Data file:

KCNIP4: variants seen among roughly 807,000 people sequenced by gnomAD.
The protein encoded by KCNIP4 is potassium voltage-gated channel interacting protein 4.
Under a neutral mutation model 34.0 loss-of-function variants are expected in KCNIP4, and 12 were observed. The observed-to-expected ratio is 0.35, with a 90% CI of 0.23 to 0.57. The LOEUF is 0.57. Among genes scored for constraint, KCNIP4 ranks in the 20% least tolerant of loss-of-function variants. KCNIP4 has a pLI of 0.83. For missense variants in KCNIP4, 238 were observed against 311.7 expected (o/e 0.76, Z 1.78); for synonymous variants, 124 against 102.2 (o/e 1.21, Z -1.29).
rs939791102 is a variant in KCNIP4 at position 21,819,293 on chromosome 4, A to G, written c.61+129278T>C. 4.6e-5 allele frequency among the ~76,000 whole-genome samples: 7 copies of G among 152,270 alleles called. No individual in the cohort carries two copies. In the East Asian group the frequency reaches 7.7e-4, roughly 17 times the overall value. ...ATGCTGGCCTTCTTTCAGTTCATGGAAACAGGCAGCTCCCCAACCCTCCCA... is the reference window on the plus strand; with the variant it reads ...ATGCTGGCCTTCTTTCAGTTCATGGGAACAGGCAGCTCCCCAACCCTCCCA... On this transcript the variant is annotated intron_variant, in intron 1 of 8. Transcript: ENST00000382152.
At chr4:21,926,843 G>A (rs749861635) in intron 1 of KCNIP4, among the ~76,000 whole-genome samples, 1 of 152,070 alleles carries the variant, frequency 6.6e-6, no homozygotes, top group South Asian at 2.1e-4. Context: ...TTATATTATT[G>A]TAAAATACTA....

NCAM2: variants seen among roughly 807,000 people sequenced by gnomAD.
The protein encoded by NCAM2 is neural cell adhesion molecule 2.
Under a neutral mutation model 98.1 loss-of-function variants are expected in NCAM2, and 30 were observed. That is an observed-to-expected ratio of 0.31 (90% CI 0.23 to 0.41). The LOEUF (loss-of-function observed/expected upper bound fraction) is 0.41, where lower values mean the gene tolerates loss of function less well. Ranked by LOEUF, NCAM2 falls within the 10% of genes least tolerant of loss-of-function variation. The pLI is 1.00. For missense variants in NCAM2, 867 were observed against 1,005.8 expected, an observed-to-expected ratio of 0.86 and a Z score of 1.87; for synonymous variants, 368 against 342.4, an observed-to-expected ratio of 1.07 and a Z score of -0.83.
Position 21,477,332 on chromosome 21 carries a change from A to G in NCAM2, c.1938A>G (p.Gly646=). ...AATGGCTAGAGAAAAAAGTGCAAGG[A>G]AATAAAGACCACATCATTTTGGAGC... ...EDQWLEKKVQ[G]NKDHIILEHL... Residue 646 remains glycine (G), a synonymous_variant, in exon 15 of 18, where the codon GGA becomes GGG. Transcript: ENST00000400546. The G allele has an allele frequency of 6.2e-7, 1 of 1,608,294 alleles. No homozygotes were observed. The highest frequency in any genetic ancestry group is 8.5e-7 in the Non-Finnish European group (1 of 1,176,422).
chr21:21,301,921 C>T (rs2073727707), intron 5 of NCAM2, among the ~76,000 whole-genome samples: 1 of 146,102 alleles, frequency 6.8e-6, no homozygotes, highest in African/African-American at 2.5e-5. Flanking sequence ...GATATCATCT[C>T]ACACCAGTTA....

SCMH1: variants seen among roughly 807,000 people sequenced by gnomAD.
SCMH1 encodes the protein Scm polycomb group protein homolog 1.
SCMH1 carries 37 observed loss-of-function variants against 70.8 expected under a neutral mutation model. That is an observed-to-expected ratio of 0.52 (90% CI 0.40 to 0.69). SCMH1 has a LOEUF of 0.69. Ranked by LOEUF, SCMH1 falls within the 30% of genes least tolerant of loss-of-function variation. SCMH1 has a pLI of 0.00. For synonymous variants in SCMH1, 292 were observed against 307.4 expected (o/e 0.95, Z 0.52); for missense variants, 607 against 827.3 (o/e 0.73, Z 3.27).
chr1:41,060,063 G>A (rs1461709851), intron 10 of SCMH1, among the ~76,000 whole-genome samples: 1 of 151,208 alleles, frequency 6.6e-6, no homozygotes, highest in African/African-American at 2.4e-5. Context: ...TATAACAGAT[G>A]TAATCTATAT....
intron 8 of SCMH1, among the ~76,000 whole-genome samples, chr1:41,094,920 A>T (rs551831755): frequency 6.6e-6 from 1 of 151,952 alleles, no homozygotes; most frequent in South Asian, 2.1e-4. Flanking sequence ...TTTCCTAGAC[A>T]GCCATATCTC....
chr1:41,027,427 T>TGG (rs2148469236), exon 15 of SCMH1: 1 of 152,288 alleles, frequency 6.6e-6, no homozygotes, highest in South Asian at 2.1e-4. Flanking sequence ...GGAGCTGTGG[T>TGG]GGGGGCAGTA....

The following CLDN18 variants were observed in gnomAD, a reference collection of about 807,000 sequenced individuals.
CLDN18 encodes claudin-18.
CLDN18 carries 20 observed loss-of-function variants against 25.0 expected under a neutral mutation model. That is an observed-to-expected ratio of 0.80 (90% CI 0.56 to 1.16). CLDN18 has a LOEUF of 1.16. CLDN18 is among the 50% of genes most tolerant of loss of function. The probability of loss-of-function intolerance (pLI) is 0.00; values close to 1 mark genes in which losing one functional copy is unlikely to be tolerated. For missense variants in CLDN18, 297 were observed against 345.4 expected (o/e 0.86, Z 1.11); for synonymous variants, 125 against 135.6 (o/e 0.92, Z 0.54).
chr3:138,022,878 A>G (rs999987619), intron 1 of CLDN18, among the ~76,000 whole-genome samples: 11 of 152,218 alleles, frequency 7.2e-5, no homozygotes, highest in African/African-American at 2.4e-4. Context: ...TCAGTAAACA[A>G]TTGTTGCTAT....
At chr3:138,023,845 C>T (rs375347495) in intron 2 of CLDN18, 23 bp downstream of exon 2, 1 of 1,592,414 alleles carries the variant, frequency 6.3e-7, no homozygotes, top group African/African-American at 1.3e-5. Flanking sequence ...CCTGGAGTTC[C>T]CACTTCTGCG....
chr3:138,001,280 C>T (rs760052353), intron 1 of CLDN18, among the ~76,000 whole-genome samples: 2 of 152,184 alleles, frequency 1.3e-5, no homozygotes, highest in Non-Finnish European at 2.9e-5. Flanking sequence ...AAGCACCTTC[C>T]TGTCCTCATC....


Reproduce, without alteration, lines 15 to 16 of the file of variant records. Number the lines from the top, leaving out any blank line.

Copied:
intron 8 of SCMH1, among the ~76,000 whole-genome samples, chr1:41,094,920 A>T (rs551831755): frequency 6.6e-6 from 1 of 151,952 alleles, no homozygotes; most frequent in South Asian, 2.1e-4. Flanking sequence ...TTTCCTAGAC[A>T]GCCATATCTC....
chr1:41,027,427 T>TGG (rs2148469236), exon 15 of SCMH1: 1 of 152,288 alleles, frequency 6.6e-6, no homozygotes, highest in South Asian at 2.1e-4. Flanking sequence ...GGAGCTGTGG[T>TGG]GGGGGCAGTA....